The costs of war wouldn’t be such a major consideration if this were a war for justice, instead of for vengeance, or if this were a war really liberating an oppressed people. But the reality is sadly different. While of course stability in identified and discrete areas can be imposed by “surging” huge numbers of U.S. troops, it is bound to last only as long as those troops remain. Whether they leave tomorrow or in five years, when they leave those people who live in Afghanistan will remain. And we need to remember the words of Admiral Mike Mullen, Chairman of the Joint Chiefs of Staff, who was asked last year by an irritated senator just how, without tanks or planes, the Taliban was winning. “It’s their country, senator,” Mullen answered. He was right. We’re not rebuilding the country, we’re just scaffolding a corrupt government and creating a huge military we call the Afghan “National” Army despite the lack of any real national center for that army to be loyal to.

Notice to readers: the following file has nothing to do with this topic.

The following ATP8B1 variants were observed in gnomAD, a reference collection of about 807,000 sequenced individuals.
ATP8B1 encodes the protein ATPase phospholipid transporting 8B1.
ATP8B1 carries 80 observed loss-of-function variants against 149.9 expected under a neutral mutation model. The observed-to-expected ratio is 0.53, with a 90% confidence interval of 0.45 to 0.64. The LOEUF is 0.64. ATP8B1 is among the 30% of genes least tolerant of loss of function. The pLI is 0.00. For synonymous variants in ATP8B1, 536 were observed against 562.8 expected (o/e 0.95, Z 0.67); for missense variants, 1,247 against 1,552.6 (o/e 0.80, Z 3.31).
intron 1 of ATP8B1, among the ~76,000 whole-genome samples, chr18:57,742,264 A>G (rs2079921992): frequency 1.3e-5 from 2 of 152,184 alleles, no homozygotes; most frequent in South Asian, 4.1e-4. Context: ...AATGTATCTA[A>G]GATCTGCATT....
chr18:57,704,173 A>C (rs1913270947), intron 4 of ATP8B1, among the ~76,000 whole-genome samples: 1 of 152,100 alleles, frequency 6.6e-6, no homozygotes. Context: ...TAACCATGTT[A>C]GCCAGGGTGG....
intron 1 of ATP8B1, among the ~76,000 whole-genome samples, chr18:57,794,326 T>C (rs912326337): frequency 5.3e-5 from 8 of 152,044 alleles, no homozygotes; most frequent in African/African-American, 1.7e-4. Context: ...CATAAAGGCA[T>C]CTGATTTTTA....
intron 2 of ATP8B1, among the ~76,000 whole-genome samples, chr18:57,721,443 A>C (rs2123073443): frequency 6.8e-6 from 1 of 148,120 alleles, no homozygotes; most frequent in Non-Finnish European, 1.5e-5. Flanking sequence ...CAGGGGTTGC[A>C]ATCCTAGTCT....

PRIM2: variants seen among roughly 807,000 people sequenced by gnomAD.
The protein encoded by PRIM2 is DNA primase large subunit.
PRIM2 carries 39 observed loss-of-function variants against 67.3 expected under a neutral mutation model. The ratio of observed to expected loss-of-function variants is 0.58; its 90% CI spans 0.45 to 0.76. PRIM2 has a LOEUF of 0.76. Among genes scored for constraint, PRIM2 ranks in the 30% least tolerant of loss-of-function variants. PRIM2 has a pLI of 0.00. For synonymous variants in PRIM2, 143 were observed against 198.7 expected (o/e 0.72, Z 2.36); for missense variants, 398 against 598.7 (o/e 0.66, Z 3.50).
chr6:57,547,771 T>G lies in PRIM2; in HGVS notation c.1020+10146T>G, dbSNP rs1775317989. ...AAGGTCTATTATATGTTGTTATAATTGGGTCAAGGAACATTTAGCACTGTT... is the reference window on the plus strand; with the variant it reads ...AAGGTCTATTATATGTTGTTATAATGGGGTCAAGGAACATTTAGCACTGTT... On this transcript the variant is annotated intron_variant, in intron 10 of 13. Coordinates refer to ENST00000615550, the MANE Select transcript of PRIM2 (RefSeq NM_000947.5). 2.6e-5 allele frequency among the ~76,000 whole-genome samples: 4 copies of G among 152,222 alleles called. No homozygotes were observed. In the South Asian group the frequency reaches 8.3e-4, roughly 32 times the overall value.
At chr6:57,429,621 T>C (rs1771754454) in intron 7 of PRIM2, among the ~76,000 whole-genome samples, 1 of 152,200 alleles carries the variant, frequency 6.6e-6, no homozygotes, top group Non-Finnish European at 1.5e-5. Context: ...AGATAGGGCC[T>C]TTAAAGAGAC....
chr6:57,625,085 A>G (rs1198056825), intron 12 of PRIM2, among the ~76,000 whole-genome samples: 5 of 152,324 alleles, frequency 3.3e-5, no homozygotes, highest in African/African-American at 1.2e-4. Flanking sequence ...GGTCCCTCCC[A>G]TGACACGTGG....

There is no strategy for Afghanistan. The “fighting season” is simply a dying season, and there is always another one next year. The debate between counter-insurgency and counter-terrorism is simply a debate over how many troops will be sent and how many people will die. When the White House and the Pentagon speak of the COIN strategy, they might have a better definition than counter-insurgency — they may mean it as Congressional Indoctrination for war spending. The goal is to win the hearts and minds of the Congressional Appropriation Committees — not the Afghan people.